Wednesday, August 13, 2003

Fight Club’s Hidden Conflict

Now here’s a reading we hadn’t seen before, and one we really like. The struggle in Fight Club is the struggle to exercise free will in a spiritually tone-deaf culture. “This ending makes the real conflict in the film perfectly clear: Fight Club is about the reality of spiritual warfare. As the late Fr. Malachi Martin noted in his book Hostage to the Devil, the world portrayed in Fight Club—violent, hedonistic, cruel, ugly, filthy, degraded, and passionate but bereft of genuine love—is what prevails when demonic forces possess human subjects who open themselves up to such influences.” (Peter Alig and S. T. Karnick, “Fight Club’s Hidden Conflict,” American Outlook, Summer 2000.) Thanks to Mr. Karnick for the tip.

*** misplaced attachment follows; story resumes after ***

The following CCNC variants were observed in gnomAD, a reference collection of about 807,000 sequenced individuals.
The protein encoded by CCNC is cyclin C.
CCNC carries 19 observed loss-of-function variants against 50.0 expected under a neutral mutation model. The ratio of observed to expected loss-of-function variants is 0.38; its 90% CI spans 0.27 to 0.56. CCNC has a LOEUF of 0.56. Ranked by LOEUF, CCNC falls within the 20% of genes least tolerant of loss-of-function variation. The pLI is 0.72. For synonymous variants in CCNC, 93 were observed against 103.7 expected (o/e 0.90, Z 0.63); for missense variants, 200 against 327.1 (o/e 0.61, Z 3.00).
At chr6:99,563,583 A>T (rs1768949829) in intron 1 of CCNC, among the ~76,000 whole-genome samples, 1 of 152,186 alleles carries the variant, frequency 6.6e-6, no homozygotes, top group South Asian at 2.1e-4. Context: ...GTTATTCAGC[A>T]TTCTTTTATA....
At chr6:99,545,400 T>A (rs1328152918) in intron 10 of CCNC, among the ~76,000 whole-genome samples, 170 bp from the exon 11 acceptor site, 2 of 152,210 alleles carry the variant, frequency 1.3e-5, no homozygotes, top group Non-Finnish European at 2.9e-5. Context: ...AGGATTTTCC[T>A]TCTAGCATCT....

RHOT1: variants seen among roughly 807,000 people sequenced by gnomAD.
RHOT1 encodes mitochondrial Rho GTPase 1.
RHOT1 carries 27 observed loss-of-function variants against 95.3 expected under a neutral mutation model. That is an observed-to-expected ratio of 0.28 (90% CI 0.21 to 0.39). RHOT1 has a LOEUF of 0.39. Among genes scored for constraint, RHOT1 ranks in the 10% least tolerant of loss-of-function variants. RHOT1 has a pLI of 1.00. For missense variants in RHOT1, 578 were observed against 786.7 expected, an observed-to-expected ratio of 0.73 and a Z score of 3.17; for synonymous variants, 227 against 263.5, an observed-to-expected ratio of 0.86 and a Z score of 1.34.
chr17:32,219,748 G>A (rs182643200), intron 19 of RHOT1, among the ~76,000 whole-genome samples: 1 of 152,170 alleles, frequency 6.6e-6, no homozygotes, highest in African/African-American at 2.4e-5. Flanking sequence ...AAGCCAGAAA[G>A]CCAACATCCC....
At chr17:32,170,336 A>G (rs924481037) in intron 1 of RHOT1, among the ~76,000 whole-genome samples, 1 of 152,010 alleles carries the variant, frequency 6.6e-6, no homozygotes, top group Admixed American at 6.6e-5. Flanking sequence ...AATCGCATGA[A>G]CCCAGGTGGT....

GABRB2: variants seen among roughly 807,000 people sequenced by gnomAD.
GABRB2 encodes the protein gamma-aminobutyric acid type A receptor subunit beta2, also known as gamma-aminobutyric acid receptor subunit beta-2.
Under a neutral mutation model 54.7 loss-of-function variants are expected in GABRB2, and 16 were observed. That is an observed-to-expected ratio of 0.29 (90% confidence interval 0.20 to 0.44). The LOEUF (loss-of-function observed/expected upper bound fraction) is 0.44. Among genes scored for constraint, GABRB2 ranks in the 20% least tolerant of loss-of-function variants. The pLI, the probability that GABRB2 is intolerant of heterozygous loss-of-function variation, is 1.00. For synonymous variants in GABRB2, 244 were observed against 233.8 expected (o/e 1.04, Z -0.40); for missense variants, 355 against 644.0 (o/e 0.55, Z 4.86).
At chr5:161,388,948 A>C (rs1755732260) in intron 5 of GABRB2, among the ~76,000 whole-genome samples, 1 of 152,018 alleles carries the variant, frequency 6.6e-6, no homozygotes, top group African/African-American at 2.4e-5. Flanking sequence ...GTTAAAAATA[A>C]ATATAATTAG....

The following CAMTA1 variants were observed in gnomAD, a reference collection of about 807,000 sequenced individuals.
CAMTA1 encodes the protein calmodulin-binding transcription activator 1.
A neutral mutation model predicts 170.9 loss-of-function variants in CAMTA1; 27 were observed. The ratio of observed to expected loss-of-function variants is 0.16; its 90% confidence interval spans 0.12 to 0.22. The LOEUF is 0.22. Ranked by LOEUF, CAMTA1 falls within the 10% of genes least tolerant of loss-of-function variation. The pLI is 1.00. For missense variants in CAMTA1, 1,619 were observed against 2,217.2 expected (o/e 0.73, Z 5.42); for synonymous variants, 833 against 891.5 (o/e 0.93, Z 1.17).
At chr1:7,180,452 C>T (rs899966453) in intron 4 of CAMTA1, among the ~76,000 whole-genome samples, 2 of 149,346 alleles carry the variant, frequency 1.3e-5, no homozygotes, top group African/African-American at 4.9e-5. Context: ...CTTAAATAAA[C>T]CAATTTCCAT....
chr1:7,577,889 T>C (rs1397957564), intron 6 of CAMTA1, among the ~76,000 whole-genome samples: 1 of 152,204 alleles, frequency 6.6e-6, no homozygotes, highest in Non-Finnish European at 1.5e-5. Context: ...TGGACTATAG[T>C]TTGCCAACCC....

philm shorts ::: from editor :::



Tyler Durden as a demonic spirit.  Hysterical!  Talk about your basic polarization. Tyler is without love - a questionable POV.  Tyler is not, shall we say it?, Christian.

I guess then that Marla must be Mary Magdalene.  She’s a missionary attempting to convert the Narrator (Ed Norton) by excorizing Tyler. 

But doesn’t Tyler represent manhood?  If he’s not Christian what does that say about man’s ‘spirit’ in a Christian world?   

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